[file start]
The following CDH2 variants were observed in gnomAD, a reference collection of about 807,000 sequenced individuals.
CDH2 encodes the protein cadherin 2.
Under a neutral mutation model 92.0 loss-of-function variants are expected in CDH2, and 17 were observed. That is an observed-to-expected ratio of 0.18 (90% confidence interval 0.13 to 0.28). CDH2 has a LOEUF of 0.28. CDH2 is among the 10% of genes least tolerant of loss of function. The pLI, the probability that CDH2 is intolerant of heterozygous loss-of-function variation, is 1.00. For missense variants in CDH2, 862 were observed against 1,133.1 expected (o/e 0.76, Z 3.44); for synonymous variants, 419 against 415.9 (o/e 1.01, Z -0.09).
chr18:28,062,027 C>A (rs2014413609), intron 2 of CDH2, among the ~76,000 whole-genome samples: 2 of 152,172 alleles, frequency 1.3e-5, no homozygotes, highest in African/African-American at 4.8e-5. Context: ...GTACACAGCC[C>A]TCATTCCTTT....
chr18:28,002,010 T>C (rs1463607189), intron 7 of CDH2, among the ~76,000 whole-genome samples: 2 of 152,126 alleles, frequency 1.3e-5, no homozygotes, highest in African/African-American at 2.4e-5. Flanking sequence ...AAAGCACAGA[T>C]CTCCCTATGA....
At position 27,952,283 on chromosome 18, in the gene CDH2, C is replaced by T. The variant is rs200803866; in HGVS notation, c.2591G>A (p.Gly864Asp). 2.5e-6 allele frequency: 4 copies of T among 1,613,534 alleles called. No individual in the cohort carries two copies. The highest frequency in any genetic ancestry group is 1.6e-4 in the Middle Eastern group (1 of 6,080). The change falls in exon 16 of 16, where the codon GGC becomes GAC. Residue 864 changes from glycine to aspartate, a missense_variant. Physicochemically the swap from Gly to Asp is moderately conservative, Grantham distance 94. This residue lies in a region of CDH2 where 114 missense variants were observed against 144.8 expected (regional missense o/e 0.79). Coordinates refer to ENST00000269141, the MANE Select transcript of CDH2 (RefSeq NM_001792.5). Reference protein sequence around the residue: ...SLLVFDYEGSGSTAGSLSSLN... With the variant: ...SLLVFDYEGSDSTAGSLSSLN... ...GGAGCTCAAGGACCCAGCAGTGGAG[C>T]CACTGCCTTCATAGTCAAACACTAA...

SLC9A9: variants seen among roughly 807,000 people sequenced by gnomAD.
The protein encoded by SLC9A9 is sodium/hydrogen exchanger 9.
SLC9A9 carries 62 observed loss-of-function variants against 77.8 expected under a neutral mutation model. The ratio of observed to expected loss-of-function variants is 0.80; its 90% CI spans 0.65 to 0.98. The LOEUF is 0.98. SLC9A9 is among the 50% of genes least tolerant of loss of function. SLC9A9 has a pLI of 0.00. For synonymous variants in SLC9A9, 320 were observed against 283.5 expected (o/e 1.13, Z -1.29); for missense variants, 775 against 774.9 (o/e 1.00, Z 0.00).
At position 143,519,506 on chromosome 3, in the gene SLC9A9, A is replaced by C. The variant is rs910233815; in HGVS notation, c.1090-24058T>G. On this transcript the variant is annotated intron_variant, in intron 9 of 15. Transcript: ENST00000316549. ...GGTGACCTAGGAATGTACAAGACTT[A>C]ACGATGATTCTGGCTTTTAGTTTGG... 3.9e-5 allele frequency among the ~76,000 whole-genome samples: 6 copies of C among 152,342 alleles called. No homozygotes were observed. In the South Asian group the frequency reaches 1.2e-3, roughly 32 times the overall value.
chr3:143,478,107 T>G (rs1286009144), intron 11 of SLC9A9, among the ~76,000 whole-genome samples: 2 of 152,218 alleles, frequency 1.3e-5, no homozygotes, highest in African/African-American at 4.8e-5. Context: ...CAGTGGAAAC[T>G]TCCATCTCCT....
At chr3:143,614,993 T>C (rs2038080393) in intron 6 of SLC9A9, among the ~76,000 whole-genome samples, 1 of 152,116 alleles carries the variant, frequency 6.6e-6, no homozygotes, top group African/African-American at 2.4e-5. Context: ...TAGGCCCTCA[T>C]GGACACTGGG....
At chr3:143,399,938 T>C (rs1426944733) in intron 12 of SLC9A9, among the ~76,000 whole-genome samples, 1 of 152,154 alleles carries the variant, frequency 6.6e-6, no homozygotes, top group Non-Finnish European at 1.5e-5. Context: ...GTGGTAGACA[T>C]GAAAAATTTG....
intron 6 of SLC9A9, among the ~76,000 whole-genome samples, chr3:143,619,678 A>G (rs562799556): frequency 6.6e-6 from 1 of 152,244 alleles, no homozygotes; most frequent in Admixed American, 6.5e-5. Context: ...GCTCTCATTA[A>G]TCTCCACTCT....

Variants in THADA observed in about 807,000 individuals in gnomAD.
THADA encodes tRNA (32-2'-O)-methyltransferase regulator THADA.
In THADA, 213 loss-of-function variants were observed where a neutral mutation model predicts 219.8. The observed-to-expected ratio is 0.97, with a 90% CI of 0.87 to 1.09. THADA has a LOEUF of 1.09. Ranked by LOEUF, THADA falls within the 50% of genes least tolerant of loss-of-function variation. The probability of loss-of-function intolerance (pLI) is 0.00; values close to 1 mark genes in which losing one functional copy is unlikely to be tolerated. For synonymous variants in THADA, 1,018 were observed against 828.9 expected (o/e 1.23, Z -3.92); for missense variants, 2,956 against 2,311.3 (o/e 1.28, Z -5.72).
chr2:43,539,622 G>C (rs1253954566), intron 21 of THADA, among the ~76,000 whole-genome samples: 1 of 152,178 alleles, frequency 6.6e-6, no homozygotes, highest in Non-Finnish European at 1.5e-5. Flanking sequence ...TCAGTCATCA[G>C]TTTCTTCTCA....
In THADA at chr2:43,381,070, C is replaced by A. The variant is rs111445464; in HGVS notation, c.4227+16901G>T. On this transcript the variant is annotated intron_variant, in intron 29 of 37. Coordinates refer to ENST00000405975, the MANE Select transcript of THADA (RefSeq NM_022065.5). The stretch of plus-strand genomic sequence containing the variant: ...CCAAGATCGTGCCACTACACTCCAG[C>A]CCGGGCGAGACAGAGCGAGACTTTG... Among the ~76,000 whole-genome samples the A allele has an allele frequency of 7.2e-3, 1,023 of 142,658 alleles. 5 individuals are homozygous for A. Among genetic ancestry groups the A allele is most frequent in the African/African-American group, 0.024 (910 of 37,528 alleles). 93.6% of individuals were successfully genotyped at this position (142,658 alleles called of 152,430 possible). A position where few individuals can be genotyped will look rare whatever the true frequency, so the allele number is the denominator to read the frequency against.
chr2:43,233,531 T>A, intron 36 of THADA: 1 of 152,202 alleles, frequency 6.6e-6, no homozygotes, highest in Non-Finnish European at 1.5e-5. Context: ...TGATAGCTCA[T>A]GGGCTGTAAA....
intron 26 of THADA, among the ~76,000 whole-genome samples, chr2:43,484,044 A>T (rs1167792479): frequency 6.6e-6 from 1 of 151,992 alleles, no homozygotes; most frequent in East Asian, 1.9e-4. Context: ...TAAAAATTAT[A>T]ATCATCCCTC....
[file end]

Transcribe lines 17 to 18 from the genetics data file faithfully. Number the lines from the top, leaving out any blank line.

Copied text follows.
In THADA, 213 loss-of-function variants were observed where a neutral mutation model predicts 219.8. The observed-to-expected ratio is 0.97, with a 90% CI of 0.87 to 1.09. THADA has a LOEUF of 1.09. Ranked by LOEUF, THADA falls within the 50% of genes least tolerant of loss-of-function variation. The probability of loss-of-function intolerance (pLI) is 0.00; values close to 1 mark genes in which losing one functional copy is unlikely to be tolerated. For synonymous variants in THADA, 1,018 were observed against 828.9 expected (o/e 1.23, Z -3.92); for missense variants, 2,956 against 2,311.3 (o/e 1.28, Z -5.72).
chr2:43,539,622 G>C (rs1253954566), intron 21 of THADA, among the ~76,000 whole-genome samples: 1 of 152,178 alleles, frequency 6.6e-6, no homozygotes, highest in Non-Finnish European at 1.5e-5. Flanking sequence ...TCAGTCATCA[G>C]TTTCTTCTCA....